A bighead carp caught recently near Redwood Falls is the largest invasive carp caught in Minnesota and a clear indication that the unwanted fish is making its way deeper into the state.

"If there's one, there's more," said University of Minnesota Prof. Peter Sorensen, an expert on invasive carp. "It's just going to take one successful moment of reproduction and all those millions of eggs, then it's all over. And then there's nothing anyone can do, because we don't have a cure for an established population."

If they were to spread, invasive carp would compete with the state's native species for food and habitat.

The carp, recently captured by a bow angler, weighed 61.7 pounds and measured 47½ inches long. It was caught in a private gravel pit after it apparently found its way from the nearby Minnesota River when it spilled over into its flood plain, connecting the pit and the river.

The spot where the fish was caught is 80 miles upstream from the place where the only other bighead carp caught in the Minnesota River was found, said Nick Frohnauer, DNR invasive fish coordinator.

"What this says is that the fish are moving into the system," Frohnauer said, noting that the fish probably came up the Mississippi from Iowa or even from as far away as Missouri.

"It shows they can obviously get a long ways upstream."

The bighead is among three invasive carp species that have been caught over the past 25 years in Minnesota. Most made their way up the Mississippi from other states where their populations are booming.

Frohnauer said he and other experts are confident that the invasive carp aren't breeding because crews monitoring them haven't found any fish eggs, larvae or juvenile fish.

The carp caught near Redwood Falls was a "large female, capable of reproducing," he said. "But the good news is that it had all of its eggs and hadn't spawned this year." It will be tested to determine its age and whether it may have spawned in previous years.

The discovery of this second bighead carp in the Minnesota River is "ominous," because it's a perfect place for it to live and reproduce, the U's Sorensen said. The Minnesota is slow-flowing and polluted, with lots of nutrients and a flood plain to establish the fish's young. "If they started reproducing there, they probably would do very well," he said.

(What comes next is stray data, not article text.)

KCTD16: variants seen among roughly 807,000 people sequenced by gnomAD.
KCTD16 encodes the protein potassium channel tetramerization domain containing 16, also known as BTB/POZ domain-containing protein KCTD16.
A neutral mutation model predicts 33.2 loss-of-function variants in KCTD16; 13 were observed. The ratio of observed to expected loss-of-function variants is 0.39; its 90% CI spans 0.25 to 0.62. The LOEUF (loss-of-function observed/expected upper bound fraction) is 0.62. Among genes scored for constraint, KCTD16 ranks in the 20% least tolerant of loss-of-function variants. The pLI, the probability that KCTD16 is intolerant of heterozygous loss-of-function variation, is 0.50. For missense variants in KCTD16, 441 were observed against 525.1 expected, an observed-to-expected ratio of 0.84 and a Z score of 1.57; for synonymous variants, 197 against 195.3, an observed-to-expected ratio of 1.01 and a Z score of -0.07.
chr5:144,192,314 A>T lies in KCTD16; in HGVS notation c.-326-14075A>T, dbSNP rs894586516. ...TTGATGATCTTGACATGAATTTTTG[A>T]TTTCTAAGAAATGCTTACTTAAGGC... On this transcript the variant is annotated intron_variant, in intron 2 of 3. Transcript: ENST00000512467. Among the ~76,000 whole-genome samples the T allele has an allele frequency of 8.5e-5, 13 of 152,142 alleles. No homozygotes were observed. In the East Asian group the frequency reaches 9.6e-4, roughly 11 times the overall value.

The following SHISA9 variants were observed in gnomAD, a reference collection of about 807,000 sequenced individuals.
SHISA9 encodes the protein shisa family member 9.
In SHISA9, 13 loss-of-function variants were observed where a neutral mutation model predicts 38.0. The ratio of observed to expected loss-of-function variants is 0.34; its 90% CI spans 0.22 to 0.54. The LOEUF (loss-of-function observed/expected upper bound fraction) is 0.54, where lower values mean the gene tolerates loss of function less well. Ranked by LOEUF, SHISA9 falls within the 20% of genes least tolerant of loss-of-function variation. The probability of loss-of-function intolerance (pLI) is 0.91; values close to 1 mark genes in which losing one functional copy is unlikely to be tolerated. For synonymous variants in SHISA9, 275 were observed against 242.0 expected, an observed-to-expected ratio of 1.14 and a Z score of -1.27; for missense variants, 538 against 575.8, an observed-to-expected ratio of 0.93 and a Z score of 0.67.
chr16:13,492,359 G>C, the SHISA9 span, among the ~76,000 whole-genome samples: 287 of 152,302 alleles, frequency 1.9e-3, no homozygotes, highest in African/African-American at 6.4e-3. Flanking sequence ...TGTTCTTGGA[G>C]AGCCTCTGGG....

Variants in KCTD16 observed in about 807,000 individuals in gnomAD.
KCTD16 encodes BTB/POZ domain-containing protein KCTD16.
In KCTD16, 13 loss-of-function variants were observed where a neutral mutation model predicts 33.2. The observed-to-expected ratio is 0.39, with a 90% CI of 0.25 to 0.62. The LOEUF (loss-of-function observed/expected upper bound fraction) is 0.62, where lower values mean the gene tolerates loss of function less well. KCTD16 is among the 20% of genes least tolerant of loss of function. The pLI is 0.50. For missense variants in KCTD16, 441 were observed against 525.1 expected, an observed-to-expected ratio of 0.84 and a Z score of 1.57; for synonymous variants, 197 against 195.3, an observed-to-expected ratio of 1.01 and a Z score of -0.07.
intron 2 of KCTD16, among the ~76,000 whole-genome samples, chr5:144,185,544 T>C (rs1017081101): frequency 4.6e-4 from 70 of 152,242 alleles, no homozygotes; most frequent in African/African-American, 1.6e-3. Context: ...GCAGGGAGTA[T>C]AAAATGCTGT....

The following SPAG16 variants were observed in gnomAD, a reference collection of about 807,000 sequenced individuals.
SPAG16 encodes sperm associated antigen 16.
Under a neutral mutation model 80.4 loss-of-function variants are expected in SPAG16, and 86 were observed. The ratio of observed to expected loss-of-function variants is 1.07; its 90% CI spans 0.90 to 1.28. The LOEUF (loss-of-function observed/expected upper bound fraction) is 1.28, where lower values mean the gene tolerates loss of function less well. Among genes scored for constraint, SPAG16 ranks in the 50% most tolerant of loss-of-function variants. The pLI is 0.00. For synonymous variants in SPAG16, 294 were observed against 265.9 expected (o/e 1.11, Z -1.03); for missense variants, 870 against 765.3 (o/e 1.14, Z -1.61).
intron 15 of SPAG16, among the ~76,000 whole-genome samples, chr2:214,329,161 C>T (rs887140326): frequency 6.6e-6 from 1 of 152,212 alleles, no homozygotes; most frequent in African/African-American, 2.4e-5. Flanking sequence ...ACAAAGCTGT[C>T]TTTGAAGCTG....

How to keep them out?

Frohnauer and Sorensen believe the state can take measures to keep the invasive carp downstream.

The Upper St. Anthony Falls lock on the Mississippi was closed two years ago in hopes of stemming the carp's migration upstream. But the river remains susceptible below the falls, Frohnauer said. "As for the Minnesota River, our concern is that there's a lot of river there," he said.

Sorensen and his team at the U are developing deterrents to keep the carp at bay. "People think of these fish as undefeatable beasts from another world," he said. "They're just large fish from China."

They're not great swimmers, he added, so he's working the with U.S. Army Corps of Engineers to adjust the water flow at locks and dams along the Mississippi in an effort to keep them from swimming through.

His team also is blasting sound through underwater speakers to frighten the carp away.

"These carp have a better sense of hearing than most fish," Sorensen said. "They're also a high-strung fish, so they're the perfect fish to scare away."

His team is currently experimenting at Lock and Dam 8 near the Iowa border with underwater speakers that blast the sound of motorboats. "It's 60 percent to 70 percent effective," Sorensen said.

But he thinks he can do better. More recent experiments in the lab show that a pulsing sound is more than 90 percent effective at repelling carp. "I have a two-year proposal that costs shy of $1 million to get speakers up at the Lock and Dam 5 near Lake Pepin," Sorensen said. "It would save most of the state, including the Minnesota River."

The main threat remains along the Mississippi's lock and dam system, Sorensen said.

"It's wide open, he said. "It's kind of like leaving your door open and going out for dinner. … All we're talking about is putting a lock on the door and closing it."